Good advice! Studies have shown that grounding is a major contributor to systems related EMI problems. Always a good place to start.
The reason for checking RF first was at the customer's insistence. Based on the symptoms, I felt that was the least likely cause. But as a consultant, it is important to keep the client happy.
Although we checked the power interface next, the power disturbance analyzer had been in place for a week and showed no perturbations. One parameter monitored was the voltage between the power neutral and safety ground. So in a sense, we did start with the power grounding.
A common power grounding problem is connecting the power neutral to the safety ground at more than one point. This often inadvertantly happens in sub-panels, which was part of my investigation. We chased the power wiring all the way back to the service panel, the point where the single return/safety ground bond should be made.
The reason for checking ESD last was again at the customer's insistence that ESD was not an issue (I suspected otherwise.) The poor ground connection between the panel and cabinet was not readily apparent. At first glance, it looked OK. Only after removing a display for inspection did it become apparent that the display was not properly grounded to the cabinet. Oh well...
Chasing problems in the field is often a process of elimination. Grounding is a good place to start as it is often relatively easy to check (or at least eliminate from further consideration.) Thanks for your comment!
When a client insists on some inefficient or unnecessary procedure, there's a simple mantra to repeat to oneself to make the situation tolerable; "The meter is running, the meter is running.....". (As long as it's not a fixed-price contract.)
I totally agree, Adequate Grounding is the First Test. Not by ohm meter, Use a Megometer. Flow some real power and measure the resistance under load.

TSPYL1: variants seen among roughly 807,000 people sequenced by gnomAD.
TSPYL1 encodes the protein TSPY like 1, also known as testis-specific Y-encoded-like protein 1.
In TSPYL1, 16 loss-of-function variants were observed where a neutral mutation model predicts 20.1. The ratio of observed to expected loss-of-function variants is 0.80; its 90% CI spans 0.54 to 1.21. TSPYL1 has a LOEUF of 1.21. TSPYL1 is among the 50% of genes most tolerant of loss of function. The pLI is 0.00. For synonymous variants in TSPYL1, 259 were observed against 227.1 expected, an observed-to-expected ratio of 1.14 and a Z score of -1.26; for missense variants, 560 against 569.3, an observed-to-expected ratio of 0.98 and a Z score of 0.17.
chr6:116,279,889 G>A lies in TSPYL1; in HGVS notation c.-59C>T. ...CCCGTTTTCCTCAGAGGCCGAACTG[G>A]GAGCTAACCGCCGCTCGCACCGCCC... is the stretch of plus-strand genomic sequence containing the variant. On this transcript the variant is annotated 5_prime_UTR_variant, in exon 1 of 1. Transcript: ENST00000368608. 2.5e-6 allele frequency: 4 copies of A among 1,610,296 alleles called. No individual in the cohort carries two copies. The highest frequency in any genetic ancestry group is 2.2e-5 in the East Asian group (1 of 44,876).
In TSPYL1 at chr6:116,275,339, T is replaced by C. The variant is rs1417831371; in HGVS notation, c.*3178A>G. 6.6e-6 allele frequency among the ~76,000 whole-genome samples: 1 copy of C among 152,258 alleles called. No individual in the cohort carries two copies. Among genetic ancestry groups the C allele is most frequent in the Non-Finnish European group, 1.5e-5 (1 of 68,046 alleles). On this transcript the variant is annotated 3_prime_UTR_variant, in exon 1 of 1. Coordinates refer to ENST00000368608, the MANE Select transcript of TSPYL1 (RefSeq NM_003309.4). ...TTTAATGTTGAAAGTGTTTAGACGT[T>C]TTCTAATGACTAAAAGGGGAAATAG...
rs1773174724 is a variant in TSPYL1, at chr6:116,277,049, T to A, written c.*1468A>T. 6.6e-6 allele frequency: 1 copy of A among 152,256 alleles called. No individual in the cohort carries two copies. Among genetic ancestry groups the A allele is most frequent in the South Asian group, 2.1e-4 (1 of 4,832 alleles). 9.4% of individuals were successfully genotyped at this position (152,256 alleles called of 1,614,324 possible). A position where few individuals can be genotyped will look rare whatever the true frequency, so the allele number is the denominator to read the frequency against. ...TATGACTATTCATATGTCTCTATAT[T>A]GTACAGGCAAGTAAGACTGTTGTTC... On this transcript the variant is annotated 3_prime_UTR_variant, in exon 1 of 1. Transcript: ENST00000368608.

As a retired USAF Aircraft Electronic Tech I can relate to the pressure of "It can't be that" But eventually, trust your instints & training, it usually pays off.
Worst case for me: The F-111 had "Grounding Rings" where many cable grounds and part chassis grounds were gathered to be taken to Airframe ground (No Earth ground available in airborne items). The rings would build up corrosion internally until various systems would start getting flaky, and writeups (Pilot Complaints) were not very consistent. RADAR was a common early fail item due to the power flowing in that system.
Eventually it always seemed to come down to a grounding ring somewhere that had not been touched in over a decade. Crank them apart and capture the crud falling out for evidence. Clean with a wire wheel and then re-assemble. Conductive grease not allowed ! Problems in multiple systems would evaporate.
I once lost a PC motherboard to ESD while installing a new hard drive--never felt the zap. Ever since then, I use an ESD wrist strap when working on a computer and I try to keep one hand on the chassis at all times (not always possible).
I opend the 9-year-old desktop computer just the other day for its semiannual cleaning. It still runs.
Good plan! It doesn't take much ESD, particularly when you are inside a system.
In this case, my client kept insisting it couldn't be ESD, since nobody ever felt a shock. But like you, we proved that ESD does, in fact, exist below the threshold of human feeling. Fortunately no damage - just upsets.
Glad to see you're still using the old (proven?) technology. I guess we've both reached the age where old is OK - just like fine wine :-)
What are the engineering and design challenges in creating successful IoT devices? These devices are usually small, resource-constrained electronics designed to sense, collect, send, and/or interpret data. Some of the devices need to be smart enough to act upon data in real time, 24/7. Specifically the guests will discuss sensors, security, and lessons from IoT deployments.